But I don't want to always hang around with people who are a lot like me. That would be boring. I want to use my details (obstacles, weaknesses) to help me understand and be patient with others and myself, but I don't think the people I hang with need to have the same details as I.
    Is there a culture of people with mental illness? Oh, probably. And it's nice to share time and support with people who understand where we're coming from. But if we isolate, no one will get the chance to know us as. . . well whole people and misunderstanding will continue.
    I wouldn't join a sorority that only admitted brown haired White middle class professional women. How boring would that be?
    We all belong to lots of different cultures. America is built on that. It wasn't so long ago that people kept cancer hushed. Didn't want anyone to know about it. We've pretty much gotten over that shame now. It never did make any sense. We got over it by talking about it. People who are fighting cancer now get all sort of support. They go to work when they can and no one punishes them if they have to miss days due to symptoms or side effects of treatment.
    Mental illnesses will get there, too, if we give everyone a chance to know us and we can stay patient enough with ourselves and other to help them learn.
    Whew! I got going there and I don't even think I answered the question.
    Thanks for the post.

  3. This is an interesting question, I truly believe you make a great point when you say that sometimes we (mentally ill people) don't accept society. In many ways it's easier to opt out of "everyday" society and exist in a mentally ill world/bubble. I'm trying to cross over now, and be a whole person not just my illness. It's hard but I can do it!!

  4. Laura,
    I am sorry that you have no one to indetify with. I did make this blog about not being all the time with mentally ill people, but two out of the three of my very best friends have mental illnesses. It's so very nice to spend time with mentally ill people. My point was not to do it all the time. However, I feel really bad for you that you have no one. Do you belong to any support groups? That's where I met most of my mentally ill friends. Well, they aren't MENTALLY ILL FRIENDS, they are FRIENDS WHO HAPPEN TO HAVE MENTAL ILLNESS. I just wrote it that way because it was shorter. Anyway, Laura, I will pray that you find one friend who happens to have a mental illness because it truly is nice.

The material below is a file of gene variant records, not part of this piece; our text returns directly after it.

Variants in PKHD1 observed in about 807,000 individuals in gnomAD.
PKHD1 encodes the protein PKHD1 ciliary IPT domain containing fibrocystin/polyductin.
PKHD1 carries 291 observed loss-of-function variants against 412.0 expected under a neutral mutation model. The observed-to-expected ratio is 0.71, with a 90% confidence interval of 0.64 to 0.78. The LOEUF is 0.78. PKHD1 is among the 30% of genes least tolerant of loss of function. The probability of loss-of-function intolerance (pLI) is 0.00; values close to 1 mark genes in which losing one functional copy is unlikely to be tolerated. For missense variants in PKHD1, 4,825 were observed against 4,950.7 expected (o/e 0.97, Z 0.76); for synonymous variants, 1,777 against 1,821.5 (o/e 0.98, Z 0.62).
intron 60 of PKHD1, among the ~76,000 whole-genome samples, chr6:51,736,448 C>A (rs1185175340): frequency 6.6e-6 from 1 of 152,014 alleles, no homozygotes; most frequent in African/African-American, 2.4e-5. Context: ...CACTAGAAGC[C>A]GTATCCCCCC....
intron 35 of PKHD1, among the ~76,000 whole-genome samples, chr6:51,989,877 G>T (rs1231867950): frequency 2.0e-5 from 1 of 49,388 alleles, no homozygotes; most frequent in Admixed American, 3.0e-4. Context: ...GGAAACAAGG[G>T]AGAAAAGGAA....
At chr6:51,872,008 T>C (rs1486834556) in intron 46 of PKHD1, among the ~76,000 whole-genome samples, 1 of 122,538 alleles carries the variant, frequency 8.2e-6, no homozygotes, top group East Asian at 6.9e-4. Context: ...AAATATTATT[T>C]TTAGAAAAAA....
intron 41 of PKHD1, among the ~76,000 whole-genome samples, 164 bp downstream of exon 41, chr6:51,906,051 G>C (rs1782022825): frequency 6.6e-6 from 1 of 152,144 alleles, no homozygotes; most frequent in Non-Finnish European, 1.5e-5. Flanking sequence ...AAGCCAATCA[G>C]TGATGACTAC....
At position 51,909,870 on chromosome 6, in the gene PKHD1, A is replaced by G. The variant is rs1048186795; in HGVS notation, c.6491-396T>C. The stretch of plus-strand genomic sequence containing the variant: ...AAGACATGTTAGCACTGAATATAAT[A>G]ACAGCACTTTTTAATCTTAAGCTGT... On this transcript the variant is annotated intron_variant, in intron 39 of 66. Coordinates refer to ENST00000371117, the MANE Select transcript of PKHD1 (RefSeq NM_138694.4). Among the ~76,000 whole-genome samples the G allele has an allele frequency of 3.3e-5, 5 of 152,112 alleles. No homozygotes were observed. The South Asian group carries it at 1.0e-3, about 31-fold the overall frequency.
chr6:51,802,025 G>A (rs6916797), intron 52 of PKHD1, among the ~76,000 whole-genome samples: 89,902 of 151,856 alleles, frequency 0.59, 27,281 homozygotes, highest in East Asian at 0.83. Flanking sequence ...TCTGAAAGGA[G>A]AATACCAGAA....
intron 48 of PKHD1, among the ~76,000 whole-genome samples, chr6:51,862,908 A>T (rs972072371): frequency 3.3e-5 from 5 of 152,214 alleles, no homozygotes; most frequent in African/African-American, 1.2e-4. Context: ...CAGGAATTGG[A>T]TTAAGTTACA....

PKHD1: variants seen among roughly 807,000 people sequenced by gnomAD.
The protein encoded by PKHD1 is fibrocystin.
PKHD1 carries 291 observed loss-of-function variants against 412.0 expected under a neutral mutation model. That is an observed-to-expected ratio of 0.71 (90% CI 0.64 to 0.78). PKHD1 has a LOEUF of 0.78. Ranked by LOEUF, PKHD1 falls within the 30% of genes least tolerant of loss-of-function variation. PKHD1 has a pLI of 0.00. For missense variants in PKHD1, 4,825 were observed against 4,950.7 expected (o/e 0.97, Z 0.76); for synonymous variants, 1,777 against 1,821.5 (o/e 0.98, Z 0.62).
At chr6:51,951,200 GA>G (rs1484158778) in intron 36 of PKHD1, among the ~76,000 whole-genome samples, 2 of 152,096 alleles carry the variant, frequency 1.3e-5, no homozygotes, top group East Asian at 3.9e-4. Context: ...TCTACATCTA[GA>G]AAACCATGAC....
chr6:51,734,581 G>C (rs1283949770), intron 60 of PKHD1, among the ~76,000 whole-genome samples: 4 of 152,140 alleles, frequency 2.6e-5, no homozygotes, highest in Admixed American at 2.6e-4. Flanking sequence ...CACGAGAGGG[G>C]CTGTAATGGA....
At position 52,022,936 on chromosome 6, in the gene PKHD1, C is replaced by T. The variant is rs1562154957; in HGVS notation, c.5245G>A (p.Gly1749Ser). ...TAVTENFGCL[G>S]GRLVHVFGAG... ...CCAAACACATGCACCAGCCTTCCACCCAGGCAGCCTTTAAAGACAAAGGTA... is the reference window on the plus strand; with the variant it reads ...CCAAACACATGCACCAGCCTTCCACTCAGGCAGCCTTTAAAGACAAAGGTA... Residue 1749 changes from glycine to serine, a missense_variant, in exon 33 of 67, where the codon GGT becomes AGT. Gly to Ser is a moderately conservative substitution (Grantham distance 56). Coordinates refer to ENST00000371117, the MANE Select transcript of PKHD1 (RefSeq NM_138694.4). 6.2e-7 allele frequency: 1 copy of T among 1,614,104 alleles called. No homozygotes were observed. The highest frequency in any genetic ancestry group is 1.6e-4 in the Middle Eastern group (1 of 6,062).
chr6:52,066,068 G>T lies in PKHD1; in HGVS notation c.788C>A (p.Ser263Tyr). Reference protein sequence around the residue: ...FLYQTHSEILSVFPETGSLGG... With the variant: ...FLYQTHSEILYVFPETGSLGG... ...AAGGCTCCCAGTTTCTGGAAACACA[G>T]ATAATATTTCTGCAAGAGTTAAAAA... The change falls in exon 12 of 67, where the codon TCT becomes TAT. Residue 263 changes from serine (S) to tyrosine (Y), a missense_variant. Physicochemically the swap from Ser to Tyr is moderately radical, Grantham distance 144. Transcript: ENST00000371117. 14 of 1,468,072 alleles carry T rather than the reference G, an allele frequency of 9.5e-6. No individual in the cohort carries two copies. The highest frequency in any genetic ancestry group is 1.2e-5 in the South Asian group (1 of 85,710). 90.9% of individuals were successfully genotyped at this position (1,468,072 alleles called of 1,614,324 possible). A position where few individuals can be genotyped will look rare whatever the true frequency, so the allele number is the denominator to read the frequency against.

Don't worry about getting going. I totally want people to have strong feelings when they read my post. I kind of get what you're saying. You're saying we have to get out in the world and talk about mental illness. That's how I started my blog. My friend Amber, "Gaining Insight" asked me to be in her movie about the stigma of mental illness. Then she just happen to mention starting my own blog. But anyway, that's not the point, the point is Amber made this movie showing normal people who happen to have a mental illnesses. If that was five years ago I would have been embrassed. Now I so totally want to shout out to the world. Yo, I have happen to have a mental illness and I can do just about anything you can do. So good point Fay. I think you're right about it being like cancer patients. We come a long way with that so we can do this too.

    I know that you were just diagnosed not to long ago with your mental illness so it makes sense you were in the bubble. I was in "the bubble" for a while too. I know you can cross over. You're a strong woman. Look your living on your own again! I know you have a roommate, but your not with your family anymore. You're strong enough to move forward. You will feel really good the first time you hang out with a friend that is "normal" and realize that you're normal too!

    Thanks everyone, I am glad this post got people thinking,